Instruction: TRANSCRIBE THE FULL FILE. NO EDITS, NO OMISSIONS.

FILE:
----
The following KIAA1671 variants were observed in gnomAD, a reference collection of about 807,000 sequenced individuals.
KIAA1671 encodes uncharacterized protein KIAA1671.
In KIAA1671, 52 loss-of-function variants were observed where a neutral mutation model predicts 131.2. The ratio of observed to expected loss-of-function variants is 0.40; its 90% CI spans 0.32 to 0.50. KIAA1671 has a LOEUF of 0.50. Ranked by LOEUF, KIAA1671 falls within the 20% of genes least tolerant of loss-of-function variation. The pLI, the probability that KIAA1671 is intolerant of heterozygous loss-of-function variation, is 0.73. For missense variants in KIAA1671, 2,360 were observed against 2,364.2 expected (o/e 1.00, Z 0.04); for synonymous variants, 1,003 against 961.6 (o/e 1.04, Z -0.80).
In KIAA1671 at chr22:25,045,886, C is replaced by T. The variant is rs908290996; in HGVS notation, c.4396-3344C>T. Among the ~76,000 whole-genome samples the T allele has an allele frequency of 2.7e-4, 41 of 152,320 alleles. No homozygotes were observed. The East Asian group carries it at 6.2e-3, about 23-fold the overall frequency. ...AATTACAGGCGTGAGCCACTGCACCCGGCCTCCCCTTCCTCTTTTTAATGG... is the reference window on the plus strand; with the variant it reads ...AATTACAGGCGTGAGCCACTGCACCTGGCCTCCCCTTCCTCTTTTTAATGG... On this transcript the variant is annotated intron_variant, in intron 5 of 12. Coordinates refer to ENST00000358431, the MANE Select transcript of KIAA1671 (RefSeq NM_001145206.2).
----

The following KIAA1671 variants were observed in gnomAD, a reference collection of about 807,000 sequenced individuals.
KIAA1671 encodes uncharacterized protein KIAA1671.
In KIAA1671, 52 loss-of-function variants were observed where a neutral mutation model predicts 131.2. The ratio of observed to expected loss-of-function variants is 0.40; its 90% CI spans 0.32 to 0.50. KIAA1671 has a LOEUF of 0.50. Ranked by LOEUF, KIAA1671 falls within the 20% of genes least tolerant of loss-of-function variation. The pLI, the probability that KIAA1671 is intolerant of heterozygous loss-of-function variation, is 0.73. For missense variants in KIAA1671, 2,360 were observed against 2,364.2 expected (o/e 1.00, Z 0.04); for synonymous variants, 1,003 against 961.6 (o/e 1.04, Z -0.80).
In KIAA1671 at chr22:25,045,886, C is replaced by T. The variant is rs908290996; in HGVS notation, c.4396-3344C>T. Among the ~76,000 whole-genome samples the T allele has an allele frequency of 2.7e-4, 41 of 152,320 alleles. No homozygotes were observed. The East Asian group carries it at 6.2e-3, about 23-fold the overall frequency. ...AATTACAGGCGTGAGCCACTGCACCCGGCCTCCCCTTCCTCTTTTTAATGG... is the reference window on the plus strand; with the variant it reads ...AATTACAGGCGTGAGCCACTGCACCTGGCCTCCCCTTCCTCTTTTTAATGG... On this transcript the variant is annotated intron_variant, in intron 5 of 12. Coordinates refer to ENST00000358431, the MANE Select transcript of KIAA1671 (RefSeq NM_001145206.2).